Is There a Another Recession on the Immediate Horizon?

By msully56, March 27, 2019

Below is a re-print from The Trading Report, and I would like to have the opinion of those in this group as to just how accurate this forecast might be…
Except for formatting, the below is a true and complete re-print from the original article (less the active hyperlinks) which can be found here:
The original has multiple embedded hyperlinks that the reader may be interested in following:

Start Re-print:
Just Before The Great Recession, Mountains Of Unsold Goods Piled Up In U.S. Warehouses – And Now It Is Happening Again — TTR ADMIN MARCH 27, 2019

When economic conditions initially begin to slow down, businesses continue to order goods like they normally would but those goods don’t sell as quickly as they previously did. As a result, inventory levels begin to rise, and that is precisely what is happening right now. In fact, the U.S. inventory to sales ratio has risen sharply for five months in a row. This is mirroring the pattern that we witnessed just prior to the financial crisis of 2008, and it is exactly what we would expect to see if a new recession was now beginning. In recent weeks, I have been sharing number after number that indicates that a serious economic slowdown is upon us, and many believe that what is coming will eventually be even worse than what we experienced in 2008.

And even though I write about this stuff every day, I was stunned by how rapidly inventory levels have been rising recently. The following numbers come from Peter Schiff’s website…
”This comes on the heels of the largest gain in wholesale inventories in more than five years in December.
Inventories rose 7.7% from a year ago in January. Meanwhile, sales only rose by 2.7%. Overall, total inventories were $669.9 billion at the end of January, up 1.2% from the revised December level.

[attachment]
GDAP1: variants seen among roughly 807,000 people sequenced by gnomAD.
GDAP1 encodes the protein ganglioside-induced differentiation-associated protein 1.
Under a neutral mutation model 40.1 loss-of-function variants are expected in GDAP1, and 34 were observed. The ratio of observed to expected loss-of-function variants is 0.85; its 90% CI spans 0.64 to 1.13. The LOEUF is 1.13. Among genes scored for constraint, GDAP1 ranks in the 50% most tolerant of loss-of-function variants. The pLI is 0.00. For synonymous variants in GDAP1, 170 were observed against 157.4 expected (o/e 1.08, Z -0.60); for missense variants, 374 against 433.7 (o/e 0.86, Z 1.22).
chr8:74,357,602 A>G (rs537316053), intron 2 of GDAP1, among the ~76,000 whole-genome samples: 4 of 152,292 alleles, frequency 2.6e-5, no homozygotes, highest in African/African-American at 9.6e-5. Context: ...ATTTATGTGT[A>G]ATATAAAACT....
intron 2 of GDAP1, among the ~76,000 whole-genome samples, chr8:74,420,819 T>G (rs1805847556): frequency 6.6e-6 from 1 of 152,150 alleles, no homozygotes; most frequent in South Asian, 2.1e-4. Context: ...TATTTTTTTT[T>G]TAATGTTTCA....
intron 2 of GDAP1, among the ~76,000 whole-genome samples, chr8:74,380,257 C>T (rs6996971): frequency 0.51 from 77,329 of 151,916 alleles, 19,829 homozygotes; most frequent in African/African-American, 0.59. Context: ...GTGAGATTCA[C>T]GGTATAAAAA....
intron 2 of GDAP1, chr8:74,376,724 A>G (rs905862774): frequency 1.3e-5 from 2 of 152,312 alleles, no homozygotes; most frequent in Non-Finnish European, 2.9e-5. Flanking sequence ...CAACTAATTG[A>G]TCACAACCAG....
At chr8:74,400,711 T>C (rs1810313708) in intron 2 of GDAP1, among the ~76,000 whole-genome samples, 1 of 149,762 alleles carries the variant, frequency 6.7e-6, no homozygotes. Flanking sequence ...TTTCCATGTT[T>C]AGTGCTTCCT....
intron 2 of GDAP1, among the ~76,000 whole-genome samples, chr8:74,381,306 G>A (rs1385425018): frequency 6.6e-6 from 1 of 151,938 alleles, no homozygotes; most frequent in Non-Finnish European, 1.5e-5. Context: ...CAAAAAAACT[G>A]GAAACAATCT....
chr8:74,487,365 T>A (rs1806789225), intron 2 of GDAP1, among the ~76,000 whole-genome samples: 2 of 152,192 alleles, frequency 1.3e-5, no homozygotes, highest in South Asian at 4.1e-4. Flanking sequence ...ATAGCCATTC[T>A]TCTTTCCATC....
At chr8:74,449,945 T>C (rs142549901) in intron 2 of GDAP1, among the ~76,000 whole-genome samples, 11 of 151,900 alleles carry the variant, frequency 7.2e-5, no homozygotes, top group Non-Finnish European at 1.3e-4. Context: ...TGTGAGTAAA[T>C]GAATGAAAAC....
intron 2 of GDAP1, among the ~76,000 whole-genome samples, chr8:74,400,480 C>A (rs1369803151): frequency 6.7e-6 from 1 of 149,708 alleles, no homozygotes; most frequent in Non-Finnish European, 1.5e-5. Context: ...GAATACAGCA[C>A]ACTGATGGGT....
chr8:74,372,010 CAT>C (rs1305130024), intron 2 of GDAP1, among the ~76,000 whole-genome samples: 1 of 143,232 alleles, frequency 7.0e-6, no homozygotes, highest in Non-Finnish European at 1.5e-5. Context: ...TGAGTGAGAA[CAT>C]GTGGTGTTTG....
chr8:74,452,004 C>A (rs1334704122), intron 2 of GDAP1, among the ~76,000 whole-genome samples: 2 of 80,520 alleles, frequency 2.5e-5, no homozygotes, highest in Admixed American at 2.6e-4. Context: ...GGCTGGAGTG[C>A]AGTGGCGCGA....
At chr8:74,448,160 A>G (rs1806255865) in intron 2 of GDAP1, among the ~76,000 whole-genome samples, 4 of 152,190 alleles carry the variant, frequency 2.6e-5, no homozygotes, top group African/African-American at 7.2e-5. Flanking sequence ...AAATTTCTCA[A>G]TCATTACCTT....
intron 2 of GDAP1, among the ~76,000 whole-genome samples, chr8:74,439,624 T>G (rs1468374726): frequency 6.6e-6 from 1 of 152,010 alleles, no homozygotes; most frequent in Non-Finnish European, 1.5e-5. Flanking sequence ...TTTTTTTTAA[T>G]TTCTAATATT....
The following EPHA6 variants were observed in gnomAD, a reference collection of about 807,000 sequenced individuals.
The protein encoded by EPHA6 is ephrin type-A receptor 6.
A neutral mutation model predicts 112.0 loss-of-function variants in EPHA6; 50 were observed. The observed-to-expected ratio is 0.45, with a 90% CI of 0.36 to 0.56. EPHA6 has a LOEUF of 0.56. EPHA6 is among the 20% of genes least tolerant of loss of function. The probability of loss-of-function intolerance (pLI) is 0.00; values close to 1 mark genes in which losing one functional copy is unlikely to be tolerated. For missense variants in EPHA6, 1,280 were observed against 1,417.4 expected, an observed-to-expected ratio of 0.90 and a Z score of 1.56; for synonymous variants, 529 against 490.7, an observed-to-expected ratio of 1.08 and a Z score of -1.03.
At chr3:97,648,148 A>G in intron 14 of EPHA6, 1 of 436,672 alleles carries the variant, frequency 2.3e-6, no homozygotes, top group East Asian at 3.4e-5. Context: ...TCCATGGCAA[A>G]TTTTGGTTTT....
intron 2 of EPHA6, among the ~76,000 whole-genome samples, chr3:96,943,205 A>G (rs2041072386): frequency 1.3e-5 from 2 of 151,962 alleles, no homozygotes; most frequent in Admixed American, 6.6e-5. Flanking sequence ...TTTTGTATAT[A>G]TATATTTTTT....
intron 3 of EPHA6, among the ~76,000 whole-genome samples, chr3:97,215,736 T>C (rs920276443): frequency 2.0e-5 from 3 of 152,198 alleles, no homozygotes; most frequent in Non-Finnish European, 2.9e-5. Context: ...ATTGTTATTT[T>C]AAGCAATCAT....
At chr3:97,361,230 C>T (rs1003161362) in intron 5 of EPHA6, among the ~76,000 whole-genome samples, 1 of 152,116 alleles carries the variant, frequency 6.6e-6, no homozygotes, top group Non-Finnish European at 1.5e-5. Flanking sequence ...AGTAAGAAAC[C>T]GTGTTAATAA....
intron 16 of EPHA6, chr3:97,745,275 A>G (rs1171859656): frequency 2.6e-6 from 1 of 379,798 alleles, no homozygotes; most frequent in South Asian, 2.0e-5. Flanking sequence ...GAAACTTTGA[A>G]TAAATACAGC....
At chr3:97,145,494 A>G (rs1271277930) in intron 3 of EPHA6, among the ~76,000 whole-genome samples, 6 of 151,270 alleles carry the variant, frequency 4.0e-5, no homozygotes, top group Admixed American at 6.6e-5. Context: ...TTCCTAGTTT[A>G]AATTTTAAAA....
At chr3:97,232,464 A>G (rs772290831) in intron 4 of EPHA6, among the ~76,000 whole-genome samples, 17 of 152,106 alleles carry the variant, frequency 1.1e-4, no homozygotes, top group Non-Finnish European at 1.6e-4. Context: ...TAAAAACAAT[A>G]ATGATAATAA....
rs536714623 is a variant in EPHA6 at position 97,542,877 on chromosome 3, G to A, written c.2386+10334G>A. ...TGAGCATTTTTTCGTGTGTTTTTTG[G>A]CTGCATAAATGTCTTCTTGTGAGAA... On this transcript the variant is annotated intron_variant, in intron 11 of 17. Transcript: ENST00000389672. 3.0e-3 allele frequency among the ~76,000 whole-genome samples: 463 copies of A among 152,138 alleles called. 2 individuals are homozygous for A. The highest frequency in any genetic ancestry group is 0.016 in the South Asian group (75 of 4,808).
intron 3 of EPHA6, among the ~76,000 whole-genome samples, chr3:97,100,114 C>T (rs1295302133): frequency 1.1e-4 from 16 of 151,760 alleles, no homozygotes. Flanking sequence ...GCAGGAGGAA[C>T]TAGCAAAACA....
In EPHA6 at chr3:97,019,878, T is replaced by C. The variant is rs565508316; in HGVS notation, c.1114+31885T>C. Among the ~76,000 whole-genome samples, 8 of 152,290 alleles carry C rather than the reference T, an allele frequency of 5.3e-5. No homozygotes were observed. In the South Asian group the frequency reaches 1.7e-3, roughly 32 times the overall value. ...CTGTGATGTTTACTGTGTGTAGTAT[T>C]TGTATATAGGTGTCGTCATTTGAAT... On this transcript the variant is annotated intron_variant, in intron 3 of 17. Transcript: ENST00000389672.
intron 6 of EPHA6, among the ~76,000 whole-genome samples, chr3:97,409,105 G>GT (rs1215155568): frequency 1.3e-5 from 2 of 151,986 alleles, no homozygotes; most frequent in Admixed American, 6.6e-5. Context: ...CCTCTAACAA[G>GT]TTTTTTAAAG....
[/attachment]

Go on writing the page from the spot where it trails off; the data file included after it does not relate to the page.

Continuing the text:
The increase in durable goods inventories at the wholesale level was even starker.
These inventories were up 11.7% from January a year ago, and are up 17% from January two years ago, hitting $415 billion, the highest ever.”

Businesses don’t like to have excess inventory, because carrying excess inventory is expensive and cuts into profits. So they try very hard to manage their inventories efficiently, but if the economy slows down unexpectedly that can catch them off guard…
”There are few indications of economic slowing that are more convincing than an unwanted build in inventories — and that apparently is what’s underway in the wholesale sector.”

When inventory levels get too high, businesses often start reducing the amount of stuff they are ordering from manufacturers.
So we would expect the numbers to indicate that manufacturing output is down, and that is precisely what we have witnessed over the last couple of months…
”U.S. manufacturing output fell for a second straight month in February and factory activity in New York state hit nearly a two-year low this month, offering further evidence of a sharp slowdown in economic growth early in the first quarter.”

If manufacturers are making and sending less stuff to businesses, and if businesses are selling less stuff to their customers, then we would expect to see less stuff moved around the U.S. by truck, rail and air.

And wouldn’t you know it, the numbers also tell us that this has been happening too.
The following comes from Wolf Richter…
”Now it’s the third month in a row, and the red flag is getting more visible and a little harder to ignore about the goods-based economy: Freight shipment volume in the US across all modes of transportation – truck, rail, air, and barge – in February fell 2.1% from February a year ago, according to the Cass Freight Index, released today.
The three months in a row of year-over-year declines are the first such declines since the transportation recession of 2015 and 2016.”

So there you have it. Anyone that tries to tell you that the U.S. economy is “booming” is simply not being accurate.

And when you throw in the fact that we just witnessed one of the worst disasters for U.S. agriculture in all of U.S. history, it is easy to understand why the economic outlook for the remainder of 2019 is rather bleak. One agribusiness company just announced that it will have “a negative pretax operating profit impact of $50 million to $60 million for the first quarter” as a result of all the flooding…